Nature deficit disorder, a term coined by Richard Louv in his 2005 book Last Child in the Woods, refers to the trend in the United States and Canada towards less time for outdoor play resulting in a wide range of behavioral problems. With the heavy use of cellphones, computers, video games and television, children have more reasons to stay inside rather than outdoors exploring…  The media has accelerated the trend by de-emphasizing views of nature, as in Disney films.

See also Food for thought, i.e.:  “something that warrants serious consideration.”

On June 6, 2016

Into the Jaws of Death 23-0455M edit.jpg

Men of the U.S. 1st Infantry Division wade “into the jaws of death,” on D-Day, 72 years ago…

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As of today – June 6, 2016 – it’s been 72 years since the Normandy landings.  (Otherwise known as “D-Day.”)  See 72nd Anniversary 2016 Events #DDay72, which noted celebrations in France:

World leaders and other dignitaries flew into Normandy to pay tribute to the real VIPs – the veterans themselves – whilst the global media descended on the region in huge numbers as they do every five years.

Impromptu pipes and drum on Gold Beach during the D-Day 70th AnniversaryThat article was affiliated with “the UK’s only museum” dedicated to the D-Day Landings,” near the “Southsea Castle in Portsmouth,” England.  It included the picture at right, of last year’s “Canopies Over Normandy (#DDay71).”  In that “jump:”

British airborne veteran Jock Hutton (89) and American veteran Jim “Pee Wee” Martin (93) both returned to the skies above Normandy.  At different ends of the invasion area, both veterans bravely made tandem parachute jumps into the countryside into which they dropped 70 years before.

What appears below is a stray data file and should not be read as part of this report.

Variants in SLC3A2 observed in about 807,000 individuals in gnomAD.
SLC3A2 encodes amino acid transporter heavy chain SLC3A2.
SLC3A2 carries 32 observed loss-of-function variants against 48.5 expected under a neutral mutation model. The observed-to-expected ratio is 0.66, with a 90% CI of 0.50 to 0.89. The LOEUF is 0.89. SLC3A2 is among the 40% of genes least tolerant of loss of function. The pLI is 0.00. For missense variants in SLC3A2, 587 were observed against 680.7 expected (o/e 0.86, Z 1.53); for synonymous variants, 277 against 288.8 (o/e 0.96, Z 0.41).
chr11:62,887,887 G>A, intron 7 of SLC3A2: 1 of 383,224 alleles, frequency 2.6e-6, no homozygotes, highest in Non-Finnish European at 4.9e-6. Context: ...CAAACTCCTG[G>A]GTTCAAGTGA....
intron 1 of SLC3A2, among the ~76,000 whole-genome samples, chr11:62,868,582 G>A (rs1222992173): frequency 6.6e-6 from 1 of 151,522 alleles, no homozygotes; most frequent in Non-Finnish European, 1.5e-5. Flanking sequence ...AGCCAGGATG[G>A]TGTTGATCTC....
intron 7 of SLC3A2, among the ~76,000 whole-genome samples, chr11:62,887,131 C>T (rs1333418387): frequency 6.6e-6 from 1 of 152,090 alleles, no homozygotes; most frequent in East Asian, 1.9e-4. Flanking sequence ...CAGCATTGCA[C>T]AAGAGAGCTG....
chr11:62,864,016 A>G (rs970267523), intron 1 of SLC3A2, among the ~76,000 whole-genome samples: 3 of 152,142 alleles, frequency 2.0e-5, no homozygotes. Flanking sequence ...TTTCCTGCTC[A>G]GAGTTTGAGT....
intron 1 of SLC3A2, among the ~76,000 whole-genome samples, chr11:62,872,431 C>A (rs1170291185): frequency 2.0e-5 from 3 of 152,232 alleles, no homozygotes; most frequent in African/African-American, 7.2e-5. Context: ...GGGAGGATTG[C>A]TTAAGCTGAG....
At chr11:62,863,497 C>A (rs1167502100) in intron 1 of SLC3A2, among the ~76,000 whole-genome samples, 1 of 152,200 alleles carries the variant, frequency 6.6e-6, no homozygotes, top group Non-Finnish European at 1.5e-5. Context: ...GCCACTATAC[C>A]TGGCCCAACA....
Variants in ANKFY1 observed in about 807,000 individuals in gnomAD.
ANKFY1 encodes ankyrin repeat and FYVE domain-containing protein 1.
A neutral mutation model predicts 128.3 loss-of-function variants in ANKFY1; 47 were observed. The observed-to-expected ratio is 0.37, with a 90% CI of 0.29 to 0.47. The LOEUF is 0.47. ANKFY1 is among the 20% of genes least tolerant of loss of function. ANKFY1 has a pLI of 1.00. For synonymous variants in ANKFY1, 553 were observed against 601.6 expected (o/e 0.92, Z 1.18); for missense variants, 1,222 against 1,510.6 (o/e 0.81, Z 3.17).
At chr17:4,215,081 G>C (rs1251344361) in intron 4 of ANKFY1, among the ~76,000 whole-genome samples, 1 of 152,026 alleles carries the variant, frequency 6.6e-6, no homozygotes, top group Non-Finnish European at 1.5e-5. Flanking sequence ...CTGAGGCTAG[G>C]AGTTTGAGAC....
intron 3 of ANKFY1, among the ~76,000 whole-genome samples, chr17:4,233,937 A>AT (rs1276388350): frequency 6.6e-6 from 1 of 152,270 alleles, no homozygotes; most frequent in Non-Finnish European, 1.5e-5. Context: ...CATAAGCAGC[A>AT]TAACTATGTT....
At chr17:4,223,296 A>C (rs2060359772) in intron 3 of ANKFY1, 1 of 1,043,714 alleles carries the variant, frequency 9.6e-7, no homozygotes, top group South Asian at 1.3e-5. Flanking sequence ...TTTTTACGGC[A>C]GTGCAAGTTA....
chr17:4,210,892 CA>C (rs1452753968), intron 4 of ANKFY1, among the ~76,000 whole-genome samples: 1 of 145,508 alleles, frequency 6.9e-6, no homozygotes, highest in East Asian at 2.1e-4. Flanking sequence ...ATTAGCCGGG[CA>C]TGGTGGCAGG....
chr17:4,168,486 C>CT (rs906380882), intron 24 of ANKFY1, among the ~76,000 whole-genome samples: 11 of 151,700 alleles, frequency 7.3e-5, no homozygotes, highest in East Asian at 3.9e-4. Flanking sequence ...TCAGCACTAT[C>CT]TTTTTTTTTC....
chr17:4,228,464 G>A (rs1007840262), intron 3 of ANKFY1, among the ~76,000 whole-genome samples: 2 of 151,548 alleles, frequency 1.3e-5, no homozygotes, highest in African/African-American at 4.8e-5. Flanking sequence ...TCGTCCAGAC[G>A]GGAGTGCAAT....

Closer to home, see D-Day in the United States – Time and Date.  That site noted that throughout America, museums and war memorials “host exhibitions featuring photos and film as a tribute to soldiers who were part of the Normandy landings.  D-Day memorials and ceremonies are also held to remember these soldiers.”  The article also noted that the invasion of Normandy was “one of history’s most significant military attacks.”

I first wrote about the commemoration – and “covenant renewal” – in On D-Day and confession, in 2014.  That post compared the kind of “de-briefing” that American fliers got – after their missions – with the concepts of “sin” and “repentance.”  But the goal back then was not to make people feel guilty.  (As some seem to imply.)  Instead they were and are “tools to help us get closer to the target ‘next time out,’ even if we know we can never become ‘perfect.'”

Description of  Planes from the 344th Bomb Group, which led the IX Bomber Command formations on D-Day on June 6, 2014. Operations started in March 1944 with attacks on targets in German-occupied France, Belgium, and the Netherlands. After the beginning of the Normandy invasion, the Group was active at Cotentin Peninsula, Caen, Saint-Lo and the Falaise Gap.  (Photo by Galerie Bilderwelt/Getty Images)Then came On the DORs for June 6, 2015.  (Which included the image at left.)  That post noted that June 6, 2015 was a “red letter day, and not just because it’s been 71 years since the best-known D-Day.”  And from the Daily Office Readings for that day, I came up with the idea that those 40 years of wandering in the wilderness were a kind of “boot camp.”

(Of the kind necessary for the armed forces to succeed in their mission, 72 years ago…)

That idea was based on Deuteronomy 29, which was both a commemoration – like our remembering D-Day – and a “renewal of the covenant.”

Which by the way, seems to be another function of such celebrations of such long-ago events.